The other way to see it is that the few winners are phenomenal in creating the right environment to win and that they are excellent in bringing the right mentality to achieve trophies. They are also smarter tactically and they are the best in bringing out the best from their group of players. 

You can quickly draw a line and put most of the managers in categories regarding their achievements. 

There are coaches who are very good at building up a team, but they lack that killer instinct of the winners and they are constantly underachievers, others are good managers but they have never won even a regional cup (as Mourinho have once stated), like Mazzarri or David Moyes, and others are just winners (Guardiola, Ancellotti, Mourinho, Capello) and wherever they go they win titles, in great fashion or in ugly ways, but they win. 

Knowing coaches can make a great deal when choosing where to bet your money, and with the time you will end up knowing the difference between good managers, great managers and winners. But always remember that you need to study them and the football philosophy they bring to a club.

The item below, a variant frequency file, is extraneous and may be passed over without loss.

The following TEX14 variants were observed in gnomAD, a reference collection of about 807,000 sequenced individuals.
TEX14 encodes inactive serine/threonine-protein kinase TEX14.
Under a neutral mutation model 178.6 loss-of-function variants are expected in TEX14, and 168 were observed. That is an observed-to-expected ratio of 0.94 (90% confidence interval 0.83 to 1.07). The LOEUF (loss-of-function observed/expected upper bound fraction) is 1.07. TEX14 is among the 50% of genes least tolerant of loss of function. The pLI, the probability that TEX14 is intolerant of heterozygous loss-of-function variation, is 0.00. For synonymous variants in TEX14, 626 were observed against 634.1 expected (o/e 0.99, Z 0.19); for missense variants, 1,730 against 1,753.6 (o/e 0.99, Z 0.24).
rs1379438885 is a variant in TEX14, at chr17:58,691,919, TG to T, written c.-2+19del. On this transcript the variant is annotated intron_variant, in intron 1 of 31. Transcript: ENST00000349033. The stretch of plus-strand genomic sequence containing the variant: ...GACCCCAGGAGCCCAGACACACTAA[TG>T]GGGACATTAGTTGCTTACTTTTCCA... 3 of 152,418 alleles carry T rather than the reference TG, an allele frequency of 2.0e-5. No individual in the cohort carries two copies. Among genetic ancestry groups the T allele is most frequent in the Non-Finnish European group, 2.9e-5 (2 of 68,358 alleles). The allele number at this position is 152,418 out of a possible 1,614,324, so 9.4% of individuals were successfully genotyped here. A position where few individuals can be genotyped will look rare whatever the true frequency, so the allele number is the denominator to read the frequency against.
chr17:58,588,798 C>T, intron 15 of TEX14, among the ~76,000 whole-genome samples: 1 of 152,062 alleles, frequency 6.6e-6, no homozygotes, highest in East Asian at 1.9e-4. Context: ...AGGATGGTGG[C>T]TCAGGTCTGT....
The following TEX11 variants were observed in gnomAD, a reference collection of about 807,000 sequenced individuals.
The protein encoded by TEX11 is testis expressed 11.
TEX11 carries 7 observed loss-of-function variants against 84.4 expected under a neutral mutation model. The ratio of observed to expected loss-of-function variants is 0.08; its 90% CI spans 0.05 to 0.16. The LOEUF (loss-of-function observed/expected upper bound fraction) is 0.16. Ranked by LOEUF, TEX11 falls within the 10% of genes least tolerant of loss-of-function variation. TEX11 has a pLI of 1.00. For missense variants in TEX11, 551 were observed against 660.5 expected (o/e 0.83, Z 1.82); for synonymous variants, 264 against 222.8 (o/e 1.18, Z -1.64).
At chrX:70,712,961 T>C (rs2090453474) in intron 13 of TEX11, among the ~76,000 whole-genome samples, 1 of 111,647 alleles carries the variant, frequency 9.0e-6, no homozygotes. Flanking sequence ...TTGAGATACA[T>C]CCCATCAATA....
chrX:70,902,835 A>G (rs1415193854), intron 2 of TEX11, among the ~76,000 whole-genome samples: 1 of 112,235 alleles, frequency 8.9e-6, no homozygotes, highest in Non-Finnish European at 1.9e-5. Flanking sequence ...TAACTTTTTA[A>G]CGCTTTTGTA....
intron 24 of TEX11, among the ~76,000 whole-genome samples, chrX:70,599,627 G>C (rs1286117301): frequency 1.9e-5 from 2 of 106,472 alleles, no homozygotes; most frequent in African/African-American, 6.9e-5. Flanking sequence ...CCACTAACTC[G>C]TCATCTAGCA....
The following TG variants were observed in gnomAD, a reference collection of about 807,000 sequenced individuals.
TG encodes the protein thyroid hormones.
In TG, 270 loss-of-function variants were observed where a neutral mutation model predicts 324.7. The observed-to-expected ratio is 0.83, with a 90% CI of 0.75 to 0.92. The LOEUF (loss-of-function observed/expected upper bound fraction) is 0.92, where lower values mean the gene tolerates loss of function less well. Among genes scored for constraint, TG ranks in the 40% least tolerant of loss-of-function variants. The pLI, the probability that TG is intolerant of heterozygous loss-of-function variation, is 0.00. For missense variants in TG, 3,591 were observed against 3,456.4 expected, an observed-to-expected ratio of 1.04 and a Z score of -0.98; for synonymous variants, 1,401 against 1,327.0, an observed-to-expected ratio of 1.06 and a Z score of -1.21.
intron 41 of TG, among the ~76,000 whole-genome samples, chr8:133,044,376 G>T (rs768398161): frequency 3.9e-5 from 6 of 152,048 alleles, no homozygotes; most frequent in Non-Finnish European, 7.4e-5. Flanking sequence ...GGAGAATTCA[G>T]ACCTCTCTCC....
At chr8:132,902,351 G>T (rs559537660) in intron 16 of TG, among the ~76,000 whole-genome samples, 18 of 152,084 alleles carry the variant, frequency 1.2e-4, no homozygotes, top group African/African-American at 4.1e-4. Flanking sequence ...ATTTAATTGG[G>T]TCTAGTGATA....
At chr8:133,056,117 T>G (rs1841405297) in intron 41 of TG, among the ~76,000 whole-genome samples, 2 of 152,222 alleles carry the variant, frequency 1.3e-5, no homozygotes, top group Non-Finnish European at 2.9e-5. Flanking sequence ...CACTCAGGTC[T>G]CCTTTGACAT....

One of the most intriguing thing in Ante post betting is of course spotting a young inexperienced manager, who can quickly become a winner if given the right opportunity. People like Mourinho and Vilas-Boas at Porto, Conte at Juventus, Capello at AC Milan, Simeone at Atletico Madrid were all managers at their first job in a top club, but all proved to be successful within a short period of time.

If you recognize the winners from the others you are also gonna bet on them and grow your capital as they keep winning.


Fixtures can play a key part in every season and league. 

There are teams that have an easier run of fixtures in the key months of March, April, May, while others have a tougher path in the same period. 

It’s not easy to determine that already in August when the season is starting, because we don’t know yet the real value of every team, but we need always to have a look at the calendar before making a long-term bet on the winner. 

The fixtures can play a key part also in deciding when to bet on a certain team. Sometimes we are pretty sure of our decision to back a winner, but the team have one or two very tough games ahead. In these cases It’s usually better to wait a little bit and back them at higher odds (if they don’t win these matches) after the difficult period. 

On the other side, sometimes we have a pretty tough calendar coming up for the direct opponent, so knowing that probably the odds will become lower for our team of choice, that’s a good time to back them to win the league.